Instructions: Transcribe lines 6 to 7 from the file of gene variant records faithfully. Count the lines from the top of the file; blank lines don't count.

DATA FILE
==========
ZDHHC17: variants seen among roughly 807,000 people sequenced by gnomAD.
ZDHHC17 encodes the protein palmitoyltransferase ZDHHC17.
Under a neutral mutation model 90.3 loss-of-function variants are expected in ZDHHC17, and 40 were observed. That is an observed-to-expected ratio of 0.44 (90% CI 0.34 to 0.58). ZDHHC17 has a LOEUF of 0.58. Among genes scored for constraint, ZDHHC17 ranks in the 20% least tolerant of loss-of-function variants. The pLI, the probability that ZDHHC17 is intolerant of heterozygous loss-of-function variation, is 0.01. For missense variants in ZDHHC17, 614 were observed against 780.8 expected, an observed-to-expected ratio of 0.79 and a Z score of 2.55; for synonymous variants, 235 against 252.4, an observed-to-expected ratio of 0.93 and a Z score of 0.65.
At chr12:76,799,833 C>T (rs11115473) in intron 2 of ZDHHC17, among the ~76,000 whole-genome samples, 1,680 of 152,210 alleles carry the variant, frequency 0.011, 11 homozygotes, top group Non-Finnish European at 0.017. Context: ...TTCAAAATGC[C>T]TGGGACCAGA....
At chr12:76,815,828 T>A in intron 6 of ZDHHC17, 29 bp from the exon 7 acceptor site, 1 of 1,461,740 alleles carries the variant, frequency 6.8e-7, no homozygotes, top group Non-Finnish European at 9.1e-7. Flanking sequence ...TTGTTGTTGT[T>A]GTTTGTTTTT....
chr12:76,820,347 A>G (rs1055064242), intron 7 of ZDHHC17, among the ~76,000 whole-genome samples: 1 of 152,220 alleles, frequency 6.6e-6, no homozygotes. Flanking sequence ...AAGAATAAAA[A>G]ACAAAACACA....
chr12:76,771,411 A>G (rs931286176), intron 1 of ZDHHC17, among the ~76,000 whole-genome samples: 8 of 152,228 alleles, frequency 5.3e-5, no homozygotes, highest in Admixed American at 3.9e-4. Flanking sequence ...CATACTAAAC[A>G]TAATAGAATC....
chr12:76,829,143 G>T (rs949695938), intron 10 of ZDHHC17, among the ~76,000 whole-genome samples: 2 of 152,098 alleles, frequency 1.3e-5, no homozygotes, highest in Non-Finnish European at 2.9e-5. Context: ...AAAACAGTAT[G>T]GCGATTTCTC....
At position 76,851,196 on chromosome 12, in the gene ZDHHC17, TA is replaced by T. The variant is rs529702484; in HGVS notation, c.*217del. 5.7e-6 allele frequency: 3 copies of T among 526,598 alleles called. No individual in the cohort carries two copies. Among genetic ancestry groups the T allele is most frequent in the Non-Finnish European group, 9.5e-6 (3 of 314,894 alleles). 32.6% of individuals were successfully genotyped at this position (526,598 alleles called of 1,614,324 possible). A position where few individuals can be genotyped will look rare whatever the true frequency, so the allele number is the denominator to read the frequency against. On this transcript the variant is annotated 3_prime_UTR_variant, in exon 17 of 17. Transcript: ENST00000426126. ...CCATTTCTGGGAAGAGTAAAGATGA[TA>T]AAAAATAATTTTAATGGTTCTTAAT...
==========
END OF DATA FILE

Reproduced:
chr12:76,820,347 A>G (rs1055064242), intron 7 of ZDHHC17, among the ~76,000 whole-genome samples: 1 of 152,220 alleles, frequency 6.6e-6, no homozygotes. Flanking sequence ...AAGAATAAAA[A>G]ACAAAACACA....
chr12:76,771,411 A>G (rs931286176), intron 1 of ZDHHC17, among the ~76,000 whole-genome samples: 8 of 152,228 alleles, frequency 5.3e-5, no homozygotes, highest in Admixed American at 3.9e-4. Flanking sequence ...CATACTAAAC[A>G]TAATAGAATC....